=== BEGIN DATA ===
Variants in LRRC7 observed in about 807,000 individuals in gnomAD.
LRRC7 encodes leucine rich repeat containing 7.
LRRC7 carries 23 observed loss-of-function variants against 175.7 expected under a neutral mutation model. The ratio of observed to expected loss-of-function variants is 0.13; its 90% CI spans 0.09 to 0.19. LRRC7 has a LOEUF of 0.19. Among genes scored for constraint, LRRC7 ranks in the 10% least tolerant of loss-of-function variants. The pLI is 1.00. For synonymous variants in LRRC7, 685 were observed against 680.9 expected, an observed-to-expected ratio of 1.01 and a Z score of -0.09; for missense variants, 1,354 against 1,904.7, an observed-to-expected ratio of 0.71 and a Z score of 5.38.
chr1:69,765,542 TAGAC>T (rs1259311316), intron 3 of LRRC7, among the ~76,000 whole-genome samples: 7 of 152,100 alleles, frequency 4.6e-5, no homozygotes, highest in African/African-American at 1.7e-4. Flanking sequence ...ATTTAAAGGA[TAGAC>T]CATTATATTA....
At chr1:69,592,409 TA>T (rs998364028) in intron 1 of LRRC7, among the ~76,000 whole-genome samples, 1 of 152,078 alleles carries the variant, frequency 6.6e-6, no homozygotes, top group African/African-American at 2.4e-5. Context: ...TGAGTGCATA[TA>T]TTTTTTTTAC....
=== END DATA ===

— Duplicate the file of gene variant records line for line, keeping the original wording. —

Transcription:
Variants in LRRC7 observed in about 807,000 individuals in gnomAD.
LRRC7 encodes leucine rich repeat containing 7.
LRRC7 carries 23 observed loss-of-function variants against 175.7 expected under a neutral mutation model. The ratio of observed to expected loss-of-function variants is 0.13; its 90% CI spans 0.09 to 0.19. LRRC7 has a LOEUF of 0.19. Among genes scored for constraint, LRRC7 ranks in the 10% least tolerant of loss-of-function variants. The pLI is 1.00. For synonymous variants in LRRC7, 685 were observed against 680.9 expected, an observed-to-expected ratio of 1.01 and a Z score of -0.09; for missense variants, 1,354 against 1,904.7, an observed-to-expected ratio of 0.71 and a Z score of 5.38.
chr1:69,765,542 TAGAC>T (rs1259311316), intron 3 of LRRC7, among the ~76,000 whole-genome samples: 7 of 152,100 alleles, frequency 4.6e-5, no homozygotes, highest in African/African-American at 1.7e-4. Flanking sequence ...ATTTAAAGGA[TAGAC>T]CATTATATTA....
At chr1:69,592,409 TA>T (rs998364028) in intron 1 of LRRC7, among the ~76,000 whole-genome samples, 1 of 152,078 alleles carries the variant, frequency 6.6e-6, no homozygotes, top group African/African-American at 2.4e-5. Context: ...TGAGTGCATA[TA>T]TTTTTTTTAC....